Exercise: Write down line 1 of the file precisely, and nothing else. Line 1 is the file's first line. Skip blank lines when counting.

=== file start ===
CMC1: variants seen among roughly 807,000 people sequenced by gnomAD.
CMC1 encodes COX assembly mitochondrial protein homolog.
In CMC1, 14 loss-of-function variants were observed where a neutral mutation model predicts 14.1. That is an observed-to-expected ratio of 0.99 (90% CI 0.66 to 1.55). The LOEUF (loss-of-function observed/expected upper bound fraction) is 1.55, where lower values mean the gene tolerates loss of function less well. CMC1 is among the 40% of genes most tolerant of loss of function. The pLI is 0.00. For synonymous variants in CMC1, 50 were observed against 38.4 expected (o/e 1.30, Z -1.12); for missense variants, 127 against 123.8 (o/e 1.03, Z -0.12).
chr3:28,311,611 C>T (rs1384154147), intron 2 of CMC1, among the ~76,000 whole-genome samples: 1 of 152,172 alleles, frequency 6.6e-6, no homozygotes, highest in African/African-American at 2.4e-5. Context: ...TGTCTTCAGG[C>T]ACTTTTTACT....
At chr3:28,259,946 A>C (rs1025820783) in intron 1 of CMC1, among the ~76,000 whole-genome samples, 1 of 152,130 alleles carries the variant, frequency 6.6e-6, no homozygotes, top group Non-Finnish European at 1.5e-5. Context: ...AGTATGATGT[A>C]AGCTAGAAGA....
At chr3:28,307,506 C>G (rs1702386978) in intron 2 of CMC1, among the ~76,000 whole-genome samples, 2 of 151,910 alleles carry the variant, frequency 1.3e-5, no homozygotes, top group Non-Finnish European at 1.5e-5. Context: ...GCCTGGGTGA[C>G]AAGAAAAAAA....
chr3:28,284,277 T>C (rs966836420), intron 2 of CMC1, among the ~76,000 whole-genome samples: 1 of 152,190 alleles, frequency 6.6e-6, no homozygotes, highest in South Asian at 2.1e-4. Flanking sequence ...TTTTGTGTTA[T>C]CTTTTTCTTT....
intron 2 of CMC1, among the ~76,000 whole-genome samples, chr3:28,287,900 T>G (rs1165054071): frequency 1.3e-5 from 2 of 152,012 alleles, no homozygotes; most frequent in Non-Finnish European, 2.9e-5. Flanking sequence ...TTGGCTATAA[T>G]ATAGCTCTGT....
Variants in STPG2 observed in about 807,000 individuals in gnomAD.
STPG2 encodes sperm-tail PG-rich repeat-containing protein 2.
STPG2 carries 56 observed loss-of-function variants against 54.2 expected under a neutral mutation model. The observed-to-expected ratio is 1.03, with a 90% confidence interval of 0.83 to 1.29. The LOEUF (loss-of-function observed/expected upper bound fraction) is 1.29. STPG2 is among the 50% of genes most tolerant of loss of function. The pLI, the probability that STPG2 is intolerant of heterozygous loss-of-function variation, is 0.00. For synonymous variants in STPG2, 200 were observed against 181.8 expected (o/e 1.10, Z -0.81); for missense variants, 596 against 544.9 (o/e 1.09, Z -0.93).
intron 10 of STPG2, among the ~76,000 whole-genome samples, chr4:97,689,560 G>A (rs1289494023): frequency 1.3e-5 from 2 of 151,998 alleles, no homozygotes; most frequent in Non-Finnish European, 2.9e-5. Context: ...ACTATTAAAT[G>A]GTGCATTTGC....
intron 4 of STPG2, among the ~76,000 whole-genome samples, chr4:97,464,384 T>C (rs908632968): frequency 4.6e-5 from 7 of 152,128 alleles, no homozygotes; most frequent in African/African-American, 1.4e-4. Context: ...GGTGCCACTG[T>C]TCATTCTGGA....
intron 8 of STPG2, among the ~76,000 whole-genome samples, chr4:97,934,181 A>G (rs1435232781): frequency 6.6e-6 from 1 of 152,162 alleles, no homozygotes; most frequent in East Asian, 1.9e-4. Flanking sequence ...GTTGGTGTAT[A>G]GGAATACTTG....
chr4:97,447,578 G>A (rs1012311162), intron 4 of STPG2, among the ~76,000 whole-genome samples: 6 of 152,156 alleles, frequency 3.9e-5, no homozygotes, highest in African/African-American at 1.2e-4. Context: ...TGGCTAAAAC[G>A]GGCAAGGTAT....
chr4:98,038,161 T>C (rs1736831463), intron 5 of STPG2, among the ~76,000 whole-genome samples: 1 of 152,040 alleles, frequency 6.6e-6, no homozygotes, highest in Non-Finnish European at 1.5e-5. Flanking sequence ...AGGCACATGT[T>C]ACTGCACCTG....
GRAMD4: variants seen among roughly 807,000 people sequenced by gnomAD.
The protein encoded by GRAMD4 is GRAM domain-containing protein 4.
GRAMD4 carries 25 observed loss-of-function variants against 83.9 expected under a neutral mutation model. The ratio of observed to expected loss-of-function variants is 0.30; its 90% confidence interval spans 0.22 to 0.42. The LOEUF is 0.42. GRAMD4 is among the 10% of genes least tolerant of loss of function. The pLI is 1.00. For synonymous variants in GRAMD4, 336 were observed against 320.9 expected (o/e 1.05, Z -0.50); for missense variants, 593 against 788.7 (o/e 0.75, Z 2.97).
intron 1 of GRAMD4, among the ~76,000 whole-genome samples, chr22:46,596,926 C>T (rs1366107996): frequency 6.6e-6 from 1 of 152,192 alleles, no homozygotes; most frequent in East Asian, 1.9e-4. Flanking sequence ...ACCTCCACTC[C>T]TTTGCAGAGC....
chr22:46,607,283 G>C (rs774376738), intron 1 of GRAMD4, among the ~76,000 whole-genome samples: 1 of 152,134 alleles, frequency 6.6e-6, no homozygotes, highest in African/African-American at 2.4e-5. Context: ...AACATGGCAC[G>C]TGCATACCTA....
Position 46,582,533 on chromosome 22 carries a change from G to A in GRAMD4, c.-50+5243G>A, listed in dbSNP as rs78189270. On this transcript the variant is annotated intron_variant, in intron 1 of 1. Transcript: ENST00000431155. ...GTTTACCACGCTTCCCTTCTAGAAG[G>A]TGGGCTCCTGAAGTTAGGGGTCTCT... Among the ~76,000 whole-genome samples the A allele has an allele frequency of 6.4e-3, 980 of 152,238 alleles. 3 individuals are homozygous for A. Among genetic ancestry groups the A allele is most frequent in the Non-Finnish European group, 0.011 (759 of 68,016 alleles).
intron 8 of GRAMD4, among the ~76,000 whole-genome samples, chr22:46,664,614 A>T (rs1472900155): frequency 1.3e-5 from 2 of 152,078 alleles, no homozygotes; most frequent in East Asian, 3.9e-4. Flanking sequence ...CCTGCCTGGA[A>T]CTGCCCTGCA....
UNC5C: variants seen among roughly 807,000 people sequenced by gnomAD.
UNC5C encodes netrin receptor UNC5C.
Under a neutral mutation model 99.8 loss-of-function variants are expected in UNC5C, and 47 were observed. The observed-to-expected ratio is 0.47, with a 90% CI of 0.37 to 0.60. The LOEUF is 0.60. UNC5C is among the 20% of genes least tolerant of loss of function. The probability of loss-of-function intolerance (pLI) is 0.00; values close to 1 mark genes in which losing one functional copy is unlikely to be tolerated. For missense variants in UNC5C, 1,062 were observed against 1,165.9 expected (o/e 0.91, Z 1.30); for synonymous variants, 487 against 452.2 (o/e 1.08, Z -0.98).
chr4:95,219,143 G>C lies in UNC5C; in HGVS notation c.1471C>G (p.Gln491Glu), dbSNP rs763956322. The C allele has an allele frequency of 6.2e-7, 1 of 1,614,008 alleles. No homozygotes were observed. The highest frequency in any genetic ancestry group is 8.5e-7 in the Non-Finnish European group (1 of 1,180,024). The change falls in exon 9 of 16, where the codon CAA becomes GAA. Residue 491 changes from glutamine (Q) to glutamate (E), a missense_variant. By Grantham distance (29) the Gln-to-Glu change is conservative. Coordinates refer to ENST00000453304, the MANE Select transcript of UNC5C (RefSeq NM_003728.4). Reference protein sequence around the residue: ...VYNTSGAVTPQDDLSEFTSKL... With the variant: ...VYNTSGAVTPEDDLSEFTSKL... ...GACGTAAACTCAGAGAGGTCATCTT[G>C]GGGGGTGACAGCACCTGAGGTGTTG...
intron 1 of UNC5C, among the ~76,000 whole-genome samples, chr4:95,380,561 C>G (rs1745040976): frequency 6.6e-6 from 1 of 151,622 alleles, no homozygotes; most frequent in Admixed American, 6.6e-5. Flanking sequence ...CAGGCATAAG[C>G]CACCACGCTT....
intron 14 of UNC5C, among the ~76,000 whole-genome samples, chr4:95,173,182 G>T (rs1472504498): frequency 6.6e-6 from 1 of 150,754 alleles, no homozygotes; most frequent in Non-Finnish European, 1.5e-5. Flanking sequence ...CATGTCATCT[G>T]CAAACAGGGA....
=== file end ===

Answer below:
CMC1: variants seen among roughly 807,000 people sequenced by gnomAD.